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13 Bankers: The Wall Street Takeover and the Next Financial Meltdown [Hardcover]

Simon Johnson , James Kwak
4.1 out of 5 stars  See all reviews (107 customer reviews)

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Book Description

March 30, 2010
Even after the ruinous financial crisis of 2008, America is still beset by the depredations of an oligarchy that is now bigger, more profitable, and more resistant to regulation than ever. Anchored by six megabanks—Bank of America, JPMorgan Chase, Citigroup, Wells Fargo, Goldman Sachs, and Morgan Stanley—which together control assets amounting, astonishingly, to more than 60 percent of the country’s gross domestic product, these financial institutions (now more emphatically “too big to fail”) continue to hold the global economy hostage, threatening yet another financial meltdown with their excessive risk-taking and toxic “business as usual” practices. How did this come to be—and what is to be done? These are the central concerns of 13 Bankers, a brilliant, historically informed account of our troubled political economy.
In 13 Bankers, Simon Johnson—one of the most prominent and frequently cited economists in America (former chief economist of the International Monetary Fund, Professor of Entrepreneurship at MIT, and author of the controversial “The Quiet Coup” in The Atlantic)—and James Kwak give a wide-ranging, meticulous, and bracing account of recent U.S. financial history within the context of previous showdowns between American democracy and Big Finance: from Thomas Jefferson to Andrew Jackson, from Theodore Roosevelt to Franklin Delano Roosevelt. They convincingly show why our future is imperiled by the ideology of finance (finance is good, unregulated finance is better, unfettered finance run amok is best) and by Wall Street’s political control of government policy pertaining to it.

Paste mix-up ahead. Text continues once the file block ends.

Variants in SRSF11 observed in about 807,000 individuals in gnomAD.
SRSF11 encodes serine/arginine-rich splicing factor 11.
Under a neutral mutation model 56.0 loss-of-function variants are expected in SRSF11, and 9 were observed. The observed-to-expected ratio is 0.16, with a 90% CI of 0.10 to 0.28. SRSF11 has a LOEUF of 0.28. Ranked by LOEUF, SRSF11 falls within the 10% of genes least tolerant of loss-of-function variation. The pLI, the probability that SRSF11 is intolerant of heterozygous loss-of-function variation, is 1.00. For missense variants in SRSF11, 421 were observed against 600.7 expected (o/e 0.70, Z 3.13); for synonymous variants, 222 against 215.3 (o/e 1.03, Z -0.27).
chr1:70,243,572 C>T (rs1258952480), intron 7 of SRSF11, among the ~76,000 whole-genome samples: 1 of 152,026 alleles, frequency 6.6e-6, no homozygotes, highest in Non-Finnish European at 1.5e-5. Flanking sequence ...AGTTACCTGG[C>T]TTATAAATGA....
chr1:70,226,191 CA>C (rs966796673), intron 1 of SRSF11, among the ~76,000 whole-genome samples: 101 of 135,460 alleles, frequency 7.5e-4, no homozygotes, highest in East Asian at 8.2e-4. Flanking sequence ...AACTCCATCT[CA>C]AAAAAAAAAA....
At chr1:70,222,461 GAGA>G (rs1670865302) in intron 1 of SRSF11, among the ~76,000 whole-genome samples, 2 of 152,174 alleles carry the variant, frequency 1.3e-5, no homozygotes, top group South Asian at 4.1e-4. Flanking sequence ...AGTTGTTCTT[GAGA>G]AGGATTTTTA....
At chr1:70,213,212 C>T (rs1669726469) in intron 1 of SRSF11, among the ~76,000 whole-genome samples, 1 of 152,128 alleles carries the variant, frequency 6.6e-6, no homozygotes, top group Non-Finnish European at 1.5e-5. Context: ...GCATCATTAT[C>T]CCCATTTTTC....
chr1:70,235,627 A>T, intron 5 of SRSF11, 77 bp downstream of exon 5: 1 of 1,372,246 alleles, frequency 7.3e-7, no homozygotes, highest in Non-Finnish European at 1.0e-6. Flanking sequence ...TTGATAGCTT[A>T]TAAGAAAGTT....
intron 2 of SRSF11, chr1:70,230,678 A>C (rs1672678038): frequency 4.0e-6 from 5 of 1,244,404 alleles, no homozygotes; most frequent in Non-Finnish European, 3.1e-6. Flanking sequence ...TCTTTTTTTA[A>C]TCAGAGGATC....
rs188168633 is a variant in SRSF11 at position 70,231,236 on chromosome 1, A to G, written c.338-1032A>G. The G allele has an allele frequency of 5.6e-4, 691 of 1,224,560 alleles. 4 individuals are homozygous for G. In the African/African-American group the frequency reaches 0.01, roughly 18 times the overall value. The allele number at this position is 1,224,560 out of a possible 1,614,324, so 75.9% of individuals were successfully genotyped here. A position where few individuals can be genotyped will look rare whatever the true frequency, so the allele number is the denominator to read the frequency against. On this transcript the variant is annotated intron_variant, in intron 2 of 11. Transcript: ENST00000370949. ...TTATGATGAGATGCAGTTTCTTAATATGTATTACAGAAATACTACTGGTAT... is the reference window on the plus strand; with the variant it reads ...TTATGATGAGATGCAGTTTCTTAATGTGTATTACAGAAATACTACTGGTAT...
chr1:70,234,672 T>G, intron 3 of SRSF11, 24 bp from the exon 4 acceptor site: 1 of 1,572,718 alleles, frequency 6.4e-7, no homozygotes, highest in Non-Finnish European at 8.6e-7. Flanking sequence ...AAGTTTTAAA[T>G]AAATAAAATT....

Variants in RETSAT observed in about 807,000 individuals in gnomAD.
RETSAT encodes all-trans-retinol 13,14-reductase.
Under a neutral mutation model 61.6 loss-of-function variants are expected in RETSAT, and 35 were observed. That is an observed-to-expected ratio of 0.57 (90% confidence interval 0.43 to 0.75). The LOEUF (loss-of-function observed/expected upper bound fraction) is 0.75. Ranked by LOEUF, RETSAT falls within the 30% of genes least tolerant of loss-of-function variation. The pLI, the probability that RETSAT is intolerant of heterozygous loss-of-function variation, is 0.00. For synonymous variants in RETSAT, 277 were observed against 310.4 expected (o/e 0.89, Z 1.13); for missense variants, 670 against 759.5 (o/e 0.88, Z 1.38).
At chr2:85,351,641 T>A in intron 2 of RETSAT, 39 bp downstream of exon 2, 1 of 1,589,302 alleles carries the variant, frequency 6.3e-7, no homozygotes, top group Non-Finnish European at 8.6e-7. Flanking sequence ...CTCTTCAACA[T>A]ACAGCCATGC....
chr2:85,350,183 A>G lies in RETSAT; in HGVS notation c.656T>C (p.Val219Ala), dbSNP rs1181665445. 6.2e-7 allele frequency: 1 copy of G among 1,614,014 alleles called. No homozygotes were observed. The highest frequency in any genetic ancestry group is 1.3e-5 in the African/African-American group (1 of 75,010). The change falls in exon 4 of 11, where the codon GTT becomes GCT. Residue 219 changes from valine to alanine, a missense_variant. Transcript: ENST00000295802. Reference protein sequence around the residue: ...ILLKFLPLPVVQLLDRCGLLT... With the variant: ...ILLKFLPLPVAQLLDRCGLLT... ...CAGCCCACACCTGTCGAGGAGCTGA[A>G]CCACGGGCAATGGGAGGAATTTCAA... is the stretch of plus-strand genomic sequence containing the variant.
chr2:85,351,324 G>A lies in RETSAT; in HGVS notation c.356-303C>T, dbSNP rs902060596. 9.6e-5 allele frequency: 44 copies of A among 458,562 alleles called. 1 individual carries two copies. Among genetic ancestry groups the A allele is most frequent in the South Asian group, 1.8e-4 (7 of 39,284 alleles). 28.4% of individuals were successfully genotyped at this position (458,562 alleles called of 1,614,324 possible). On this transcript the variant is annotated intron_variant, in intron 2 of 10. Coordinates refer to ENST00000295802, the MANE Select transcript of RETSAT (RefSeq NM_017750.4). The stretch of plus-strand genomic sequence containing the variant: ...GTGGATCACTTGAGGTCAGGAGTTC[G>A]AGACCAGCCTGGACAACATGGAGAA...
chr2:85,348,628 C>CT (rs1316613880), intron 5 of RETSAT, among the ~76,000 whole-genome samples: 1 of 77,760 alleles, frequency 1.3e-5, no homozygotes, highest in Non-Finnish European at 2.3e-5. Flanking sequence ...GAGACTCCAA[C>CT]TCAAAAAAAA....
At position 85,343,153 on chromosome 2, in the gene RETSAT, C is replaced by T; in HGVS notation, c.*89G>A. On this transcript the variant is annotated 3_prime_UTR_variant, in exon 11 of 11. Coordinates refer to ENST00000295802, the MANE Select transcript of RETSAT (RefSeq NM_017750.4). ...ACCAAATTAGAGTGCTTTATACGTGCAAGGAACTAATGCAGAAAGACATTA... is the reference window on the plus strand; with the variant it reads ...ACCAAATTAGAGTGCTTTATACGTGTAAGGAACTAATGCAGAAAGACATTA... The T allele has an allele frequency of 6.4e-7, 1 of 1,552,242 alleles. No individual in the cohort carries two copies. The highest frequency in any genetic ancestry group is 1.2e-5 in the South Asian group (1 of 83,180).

As the authors insist, the choice that America faces is stark: whether Washington will accede to the vested interests of an unbridled financial sector that runs up profits in good years and dumps its losses on taxpayers in lean years, or reform through stringent regulation the banking system as first and foremost an engine of economic growth. To restore health and balance to our economy, Johnson and Kwak make a radical yet feasible and focused proposal: reconfigure the megabanks to be “small enough to fail.”
Lucid, authoritative, crucial for its timeliness, 13 Bankers is certain to be one of the most discussed and debated books of 2010.

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Editorial Reviews

From Publishers Weekly

Though this blistering book identifies many causes of the recent financial crisis, from housing policy to minimum capital requirements for banks, the authors lay ultimate blame on a dominant deregulatory ideology and Wall Street's corresponding political influence. Johnson, professor at the MIT Sloan School of Management, and Kwak, a former consultant for McKinsey, follow American finance's rocky road from the debate between Jefferson and Hamilton over the first Bank of the United States through frequent friction between Big Finance and democracy to the Obama administration's responses to the crises. The authors take a highly critical stance toward recent palliative measures, arguing that nationalization of the banks would have been preferable to the bailouts, which have allowed the banks to further consolidate power and resources. Given the swelling size of the six megabanks, the authors make a persuasive case that the financial system cannot be secure until those banks that are too big to fail are somehow broken up. This intelligent, nuanced book might be too technical for general-interest readers, but it synthesizes a significant amount of research while advancing a coherent and compelling point of view. (Apr.)